Modern turbulent business environments are characterized by rapid change that make businesses unpredictable, which brings emergence to the core of modern organizations. Deriving factors facilitating organizational emergence has been undertaken by drawing on complex adaptive systems (CAS) and social autopoiesis theories. Social autopoiesis was particularly chosen as it focuses on social elements, such as communication, morale, trust, etc. and their relation to social emergence, whereas CAS theory concentrates more on adaptive mechanisms that make a CAS produce emergent order, such as inter-relations, interactions, edge of chaos, feedback, etc. This led to the identification of various factors facilitating emergence and the development of a framework for utilizing these factors that were organized into two dimensions. First the factors are classified as either tangible or intangible. Second, the factors are classified as either dynamic, i.e., realize emergent properties, or they are concerned with the enabling infrastructure, i.e., enable the dynamic factors to become effective, or they are controlling factors, i.e., they attempt to balance excessive change with stability to prevent descent into chaos. The framework was applied to an Information Systems Development (ISD) project which showed that it is applicable to any type of business sector. This framework is argued to be a step forward to realize organizational emergence based on complexity principles derived from literature. The split between factors facilitating emergence and generic principles of CAS is not clear in the complexity literature and it is argued to be an important contribution of the paper.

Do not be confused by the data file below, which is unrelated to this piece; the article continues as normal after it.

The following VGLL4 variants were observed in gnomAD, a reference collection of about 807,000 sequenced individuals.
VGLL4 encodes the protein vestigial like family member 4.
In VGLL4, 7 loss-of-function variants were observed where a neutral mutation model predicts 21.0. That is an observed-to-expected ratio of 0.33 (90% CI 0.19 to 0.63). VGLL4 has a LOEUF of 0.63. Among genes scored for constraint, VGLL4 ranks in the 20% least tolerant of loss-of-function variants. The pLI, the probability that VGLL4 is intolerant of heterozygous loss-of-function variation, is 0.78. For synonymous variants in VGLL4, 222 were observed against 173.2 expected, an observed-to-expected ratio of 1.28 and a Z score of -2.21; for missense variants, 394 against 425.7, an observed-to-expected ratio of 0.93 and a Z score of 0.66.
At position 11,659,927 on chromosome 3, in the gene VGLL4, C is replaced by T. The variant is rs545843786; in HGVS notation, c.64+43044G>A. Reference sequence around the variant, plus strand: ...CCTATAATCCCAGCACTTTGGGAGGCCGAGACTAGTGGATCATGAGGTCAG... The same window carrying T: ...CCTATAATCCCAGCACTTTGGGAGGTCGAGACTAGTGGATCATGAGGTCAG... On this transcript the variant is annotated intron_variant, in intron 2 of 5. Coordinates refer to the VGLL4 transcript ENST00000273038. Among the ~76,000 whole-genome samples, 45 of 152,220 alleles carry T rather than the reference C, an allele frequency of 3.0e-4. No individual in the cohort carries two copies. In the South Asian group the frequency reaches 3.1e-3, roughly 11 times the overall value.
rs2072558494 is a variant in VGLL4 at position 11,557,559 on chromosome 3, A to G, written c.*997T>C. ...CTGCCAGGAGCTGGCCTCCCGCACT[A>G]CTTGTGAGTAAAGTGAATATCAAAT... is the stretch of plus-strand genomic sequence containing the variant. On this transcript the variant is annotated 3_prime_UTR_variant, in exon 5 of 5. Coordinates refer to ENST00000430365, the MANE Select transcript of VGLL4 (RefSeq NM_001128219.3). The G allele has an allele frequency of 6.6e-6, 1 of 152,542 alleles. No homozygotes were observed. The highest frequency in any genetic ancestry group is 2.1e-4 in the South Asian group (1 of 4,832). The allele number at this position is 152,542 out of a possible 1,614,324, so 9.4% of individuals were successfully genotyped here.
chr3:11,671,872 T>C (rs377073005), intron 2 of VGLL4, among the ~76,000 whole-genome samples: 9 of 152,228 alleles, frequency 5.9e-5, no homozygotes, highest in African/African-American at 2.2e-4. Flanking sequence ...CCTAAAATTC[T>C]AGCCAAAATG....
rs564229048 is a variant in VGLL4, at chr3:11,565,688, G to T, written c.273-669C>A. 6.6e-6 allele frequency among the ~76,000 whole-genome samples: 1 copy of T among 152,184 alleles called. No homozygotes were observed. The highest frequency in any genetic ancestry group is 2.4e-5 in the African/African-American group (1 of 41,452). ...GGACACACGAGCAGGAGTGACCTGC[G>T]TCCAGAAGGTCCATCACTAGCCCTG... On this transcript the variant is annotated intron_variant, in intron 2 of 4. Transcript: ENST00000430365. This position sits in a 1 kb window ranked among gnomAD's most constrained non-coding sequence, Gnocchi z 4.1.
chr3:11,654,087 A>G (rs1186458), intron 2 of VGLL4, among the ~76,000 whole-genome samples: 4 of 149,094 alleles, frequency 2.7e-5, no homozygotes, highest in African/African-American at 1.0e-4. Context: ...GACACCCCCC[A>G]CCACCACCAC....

In turbulent business environments organizations need to react quickly and creatively to make the most of new opportunities and business models. These new imperatives of business practice require organizations to self-organise and become more flexible to handle change (Goldman et al., 1995). Of key importance to organizations in responding successfully to change is the concept of emergence. Complexity science, it has been argued, is a way of addressing and improving such capabilities in organizations, as it is concerned with the role of chance, emergence and contingency in the face of frequent and continuous change (Montuori, 2003). McKelvey (1997), Stacey et al. (2000) and Mitleton-Kelly (2003) illustrate the growing interest in understanding organizations and new management practices in terms of theories of complexity that seek to provide new ways of thinking and reasoning in relation to emergent behavior.